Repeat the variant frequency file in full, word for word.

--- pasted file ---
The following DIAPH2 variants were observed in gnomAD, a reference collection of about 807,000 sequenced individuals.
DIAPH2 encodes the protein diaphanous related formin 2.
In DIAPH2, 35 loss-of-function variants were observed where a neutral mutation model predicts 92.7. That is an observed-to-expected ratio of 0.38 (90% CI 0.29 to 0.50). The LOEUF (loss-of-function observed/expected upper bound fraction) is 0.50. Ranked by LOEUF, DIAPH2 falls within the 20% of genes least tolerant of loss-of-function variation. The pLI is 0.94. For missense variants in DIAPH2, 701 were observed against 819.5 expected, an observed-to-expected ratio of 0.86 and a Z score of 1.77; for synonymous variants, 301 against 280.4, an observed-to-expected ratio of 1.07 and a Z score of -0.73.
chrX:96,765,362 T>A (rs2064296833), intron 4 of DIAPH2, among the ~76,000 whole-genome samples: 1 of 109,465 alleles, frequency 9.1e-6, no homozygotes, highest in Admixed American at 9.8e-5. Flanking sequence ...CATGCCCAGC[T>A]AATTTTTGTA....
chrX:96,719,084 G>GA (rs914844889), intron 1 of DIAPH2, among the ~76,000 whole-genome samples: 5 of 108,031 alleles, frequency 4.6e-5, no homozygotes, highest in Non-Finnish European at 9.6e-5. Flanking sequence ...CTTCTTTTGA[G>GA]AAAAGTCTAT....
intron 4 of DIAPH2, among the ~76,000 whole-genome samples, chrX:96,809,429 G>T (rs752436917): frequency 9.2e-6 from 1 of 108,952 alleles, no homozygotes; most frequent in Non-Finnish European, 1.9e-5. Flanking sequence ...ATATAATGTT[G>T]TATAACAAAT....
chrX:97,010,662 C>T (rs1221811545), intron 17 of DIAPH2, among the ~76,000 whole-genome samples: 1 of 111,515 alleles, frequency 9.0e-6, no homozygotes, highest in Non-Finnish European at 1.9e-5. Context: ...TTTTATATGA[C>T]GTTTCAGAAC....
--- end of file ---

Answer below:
The following DIAPH2 variants were observed in gnomAD, a reference collection of about 807,000 sequenced individuals.
DIAPH2 encodes the protein diaphanous related formin 2.
In DIAPH2, 35 loss-of-function variants were observed where a neutral mutation model predicts 92.7. That is an observed-to-expected ratio of 0.38 (90% CI 0.29 to 0.50). The LOEUF (loss-of-function observed/expected upper bound fraction) is 0.50. Ranked by LOEUF, DIAPH2 falls within the 20% of genes least tolerant of loss-of-function variation. The pLI is 0.94. For missense variants in DIAPH2, 701 were observed against 819.5 expected, an observed-to-expected ratio of 0.86 and a Z score of 1.77; for synonymous variants, 301 against 280.4, an observed-to-expected ratio of 1.07 and a Z score of -0.73.
chrX:96,765,362 T>A (rs2064296833), intron 4 of DIAPH2, among the ~76,000 whole-genome samples: 1 of 109,465 alleles, frequency 9.1e-6, no homozygotes, highest in Admixed American at 9.8e-5. Flanking sequence ...CATGCCCAGC[T>A]AATTTTTGTA....
chrX:96,719,084 G>GA (rs914844889), intron 1 of DIAPH2, among the ~76,000 whole-genome samples: 5 of 108,031 alleles, frequency 4.6e-5, no homozygotes, highest in Non-Finnish European at 9.6e-5. Flanking sequence ...CTTCTTTTGA[G>GA]AAAAGTCTAT....
intron 4 of DIAPH2, among the ~76,000 whole-genome samples, chrX:96,809,429 G>T (rs752436917): frequency 9.2e-6 from 1 of 108,952 alleles, no homozygotes; most frequent in Non-Finnish European, 1.9e-5. Flanking sequence ...ATATAATGTT[G>T]TATAACAAAT....
chrX:97,010,662 C>T (rs1221811545), intron 17 of DIAPH2, among the ~76,000 whole-genome samples: 1 of 111,515 alleles, frequency 9.0e-6, no homozygotes, highest in Non-Finnish European at 1.9e-5. Context: ...TTTTATATGA[C>T]GTTTCAGAAC....